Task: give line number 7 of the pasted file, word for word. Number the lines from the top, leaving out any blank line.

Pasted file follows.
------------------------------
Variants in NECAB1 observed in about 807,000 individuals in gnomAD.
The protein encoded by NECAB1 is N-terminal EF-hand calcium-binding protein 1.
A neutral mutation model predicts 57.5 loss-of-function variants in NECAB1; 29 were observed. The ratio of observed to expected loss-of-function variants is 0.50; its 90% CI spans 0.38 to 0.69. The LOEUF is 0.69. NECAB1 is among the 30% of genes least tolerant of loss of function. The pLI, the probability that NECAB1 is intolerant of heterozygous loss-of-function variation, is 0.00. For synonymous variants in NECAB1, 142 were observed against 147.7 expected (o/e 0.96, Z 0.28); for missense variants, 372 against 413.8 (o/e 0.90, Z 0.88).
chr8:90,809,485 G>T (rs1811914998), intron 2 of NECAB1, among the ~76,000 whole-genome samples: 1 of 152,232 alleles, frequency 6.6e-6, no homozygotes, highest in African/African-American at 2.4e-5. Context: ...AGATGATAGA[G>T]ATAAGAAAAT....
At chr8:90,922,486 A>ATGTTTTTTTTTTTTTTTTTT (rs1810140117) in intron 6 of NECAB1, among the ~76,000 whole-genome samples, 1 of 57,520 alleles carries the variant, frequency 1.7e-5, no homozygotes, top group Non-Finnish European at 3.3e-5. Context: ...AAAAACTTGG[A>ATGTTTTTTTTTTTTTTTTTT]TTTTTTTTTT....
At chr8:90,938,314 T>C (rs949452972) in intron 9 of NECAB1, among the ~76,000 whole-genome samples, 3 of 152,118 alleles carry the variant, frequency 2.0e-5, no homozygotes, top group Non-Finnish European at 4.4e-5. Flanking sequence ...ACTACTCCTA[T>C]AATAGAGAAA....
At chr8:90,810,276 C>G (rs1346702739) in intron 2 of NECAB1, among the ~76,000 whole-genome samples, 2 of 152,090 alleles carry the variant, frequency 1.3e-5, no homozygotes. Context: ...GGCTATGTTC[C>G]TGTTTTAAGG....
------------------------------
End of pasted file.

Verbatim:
At chr8:90,810,276 C>G (rs1346702739) in intron 2 of NECAB1, among the ~76,000 whole-genome samples, 2 of 152,090 alleles carry the variant, frequency 1.3e-5, no homozygotes. Context: ...GGCTATGTTC[C>G]TGTTTTAAGG....